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Metaphylaxis continues to offer returns to animal well-being and the bottom line.
December 11, 2018
“Everyone understands that we need to properly prepare cattle on the ranch of origin through preconditioning. But, if you get rid of metaphylaxis in high-risk calves, we will see an increase in sickness and death loss, with no proof that we will decrease antibiotic resistance,” says Dan Thomson, DVM and Jones Professor of Production Medicine and Epidemiology at Kansas State University (KSU).
That’s too easy to gloss over in an age when so much discussion revolves around antimicrobial resistance (AMR) in humans and the potential contribution of antibiotic use in livestock.
If metaphylaxis were eliminated in the U.S. cattle industry without suitable health management alternatives, it could cost that industry as much as $1.8 billion annually, according to a KSU analysis of the economic impact of treating groups of high health-risk animals with antimicrobials.
“We know that if metaphylaxis were not available, a reduction in revenue would result from reduced average daily gains, increased feed conversions, higher health costs from treating more sick animals, more deaths primarily for those high health-risk animals, among other factors,” says Elliott Dennis, a KSU doctoral student who worked on the study.
Production and health management data for the study came from 10 large Midwest feedlots for cattle classified as high health-risk and administered an antimicrobial upon entering the feedlot. Although the numbers would be different, logic suggests the same production metrics would decline for stocker operators.
Ted Schroeder, a livestock economist and KSU distinguished professor of agricultural economics, adds that removing metaphylaxis or any animal health management technology from feedlots has a snowball effect.
“A lot of that direct cost would be absorbed by the feedlot, but a very significant amount of it would go back to cow-calf producers who are supplying calves,” Schroeder explains. “Even if they are supplying healthy calves, they are still going to be influenced because overall the feedlot sector’s costs get passed down because they are a margin-taker.”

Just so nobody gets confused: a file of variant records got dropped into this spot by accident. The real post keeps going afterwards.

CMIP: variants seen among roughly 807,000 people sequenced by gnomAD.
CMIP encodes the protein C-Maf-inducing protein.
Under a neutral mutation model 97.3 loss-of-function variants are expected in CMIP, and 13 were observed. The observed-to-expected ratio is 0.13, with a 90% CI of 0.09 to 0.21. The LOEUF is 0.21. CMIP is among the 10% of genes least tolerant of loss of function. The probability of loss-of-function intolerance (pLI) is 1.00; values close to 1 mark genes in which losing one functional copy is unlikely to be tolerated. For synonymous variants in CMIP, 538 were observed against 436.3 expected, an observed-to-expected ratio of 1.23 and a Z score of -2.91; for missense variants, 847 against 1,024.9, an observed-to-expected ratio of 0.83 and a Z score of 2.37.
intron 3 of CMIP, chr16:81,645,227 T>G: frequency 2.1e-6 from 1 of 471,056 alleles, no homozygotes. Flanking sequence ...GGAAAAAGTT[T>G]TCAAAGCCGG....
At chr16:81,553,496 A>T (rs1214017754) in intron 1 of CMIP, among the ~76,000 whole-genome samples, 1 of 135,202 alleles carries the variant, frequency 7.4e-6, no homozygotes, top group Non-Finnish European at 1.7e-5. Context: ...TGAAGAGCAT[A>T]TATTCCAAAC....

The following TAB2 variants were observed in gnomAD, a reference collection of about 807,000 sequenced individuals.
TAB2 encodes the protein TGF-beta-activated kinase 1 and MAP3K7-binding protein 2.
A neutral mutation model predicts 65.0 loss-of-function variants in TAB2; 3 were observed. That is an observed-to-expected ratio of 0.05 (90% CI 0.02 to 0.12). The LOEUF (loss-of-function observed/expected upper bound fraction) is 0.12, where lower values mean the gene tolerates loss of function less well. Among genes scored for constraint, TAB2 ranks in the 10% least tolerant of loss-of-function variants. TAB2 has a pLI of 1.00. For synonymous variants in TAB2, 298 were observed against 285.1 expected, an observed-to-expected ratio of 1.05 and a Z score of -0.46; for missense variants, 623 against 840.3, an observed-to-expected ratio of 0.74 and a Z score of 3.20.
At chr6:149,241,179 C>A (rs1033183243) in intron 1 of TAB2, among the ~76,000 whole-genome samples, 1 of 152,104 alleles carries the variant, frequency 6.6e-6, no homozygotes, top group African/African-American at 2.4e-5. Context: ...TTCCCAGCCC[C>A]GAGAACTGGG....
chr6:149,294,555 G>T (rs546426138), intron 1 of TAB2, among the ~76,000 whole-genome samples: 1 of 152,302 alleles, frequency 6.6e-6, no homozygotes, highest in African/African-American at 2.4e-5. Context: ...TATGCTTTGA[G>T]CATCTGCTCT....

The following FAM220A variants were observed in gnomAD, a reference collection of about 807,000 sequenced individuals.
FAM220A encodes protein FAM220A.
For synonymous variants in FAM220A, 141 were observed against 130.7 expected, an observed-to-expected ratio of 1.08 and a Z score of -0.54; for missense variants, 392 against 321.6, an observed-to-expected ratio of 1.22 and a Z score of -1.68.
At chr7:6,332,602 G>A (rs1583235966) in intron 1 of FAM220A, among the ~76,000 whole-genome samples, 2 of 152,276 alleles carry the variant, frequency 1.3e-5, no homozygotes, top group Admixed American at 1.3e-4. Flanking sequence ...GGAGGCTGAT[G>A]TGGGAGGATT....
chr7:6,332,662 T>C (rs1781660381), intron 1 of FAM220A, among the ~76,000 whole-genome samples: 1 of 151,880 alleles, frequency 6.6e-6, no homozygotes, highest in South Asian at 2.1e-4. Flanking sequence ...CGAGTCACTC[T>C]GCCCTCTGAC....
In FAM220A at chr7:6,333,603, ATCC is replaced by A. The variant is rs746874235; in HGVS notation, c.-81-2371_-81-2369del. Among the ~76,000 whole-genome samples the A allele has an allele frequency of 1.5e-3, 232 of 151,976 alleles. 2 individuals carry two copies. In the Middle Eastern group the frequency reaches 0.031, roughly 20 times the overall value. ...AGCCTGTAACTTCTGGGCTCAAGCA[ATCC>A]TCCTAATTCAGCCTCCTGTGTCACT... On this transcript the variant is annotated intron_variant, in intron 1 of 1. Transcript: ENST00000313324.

Economic losses ultimately would catch up to the consumer, too.
“That reduction in profitability would then be passed up and down the beef supply chain, ultimately resulting in higher prices for consumers to pay for beef at the supermarket,” Dennis says.
Facets of antimicrobial resistance
The jury is still out on whether or not the use of antibiotics in livestock production can impact AMR in humans.
For instance, pioneering research at Colorado State University (CSU) found bacteria that had antimicrobial resistant genes (AMR) in the feedlot where cattle were fed (feces), on the trucks that hauled them, in water of holding pens and at the packing house.
But, according to Keith Belk, holder of the Ken and Myra Monfort Endowed Chair in Meat Science at CSU, “In this particular study, with the sensitivity available to us, we couldn’t find a single, solitary AMR gene in the meat product leaving the packing plant, going to consumers.”
That’s not saying there are none. It does suggest that meat from cattle receiving antibiotics, as a conduit to passing along resistance to humans, is negligible.
In other research, Belk says antimicrobial resistance in cattle administered metaphylaxis was no different 26 days later than before treatment.
“If we treat cattle with an antibiotic, we’re going to take the population of bacteria that are in their gut and in the feces outside of their gut in the pen, and we’re going to modify them by selectively killing the bacteria susceptible to the antibiotic,” Belk explains. “We’re going to leave all of the bacteria that are resistant to the antibiotic.
“So, when I give a metaphylactic treatment, I create a microbiome that has a higher prevalence of bacteria that carry genes resistant to the antibiotic. But within 15 or 20 days, the microbiome returns to the way it was before.”
See the BeefVet article, Inside-Out Revolution for more information about the research efforts of Belk and his peers in the nascent field of microbiome modulation.
On the other hand, there is a correlation between antibiotic use in livestock and subsequent AMR in livestock disease pathogens. While Thomson believes large data sets are too easily confounded to say with certainty that antimicrobial-resistant pathogens are increasing in the beef cattle population, he recognizes producers have little choice other than using macrolides for both metaphylaxis and treatment.
Plus, Thomson believes producers have limited incentive to test cattle for AMR pathogens.
“It’s so expensive to submit samples to a diagnostic lab for what you get back (around $150), “Thomson says. “We only have four or five antibiotics to choose from, and how do we know the pathogen won’t be resistant to the next one, too?”
When diagnostic testing is utilized, Thomson cautions about understanding how to use the data. For instance, if you submit samples only in the middle of a health wreck, and the samples are from calves already treated multiple times, finding AMR shouldn’t come as a surprise. Conversely, if samples are regularly submitted in the course of regular management protocol, apparent AMR trends may carry more weight.
“Work with a veterinarian to understand the different classes of compounds, and make sure you’re using them according to label directions. We don’t have problems when we do that,” Thomson says. “Cattle health, antibiotic stewardship, sustainability, it all goes back to people doing the right thing.”
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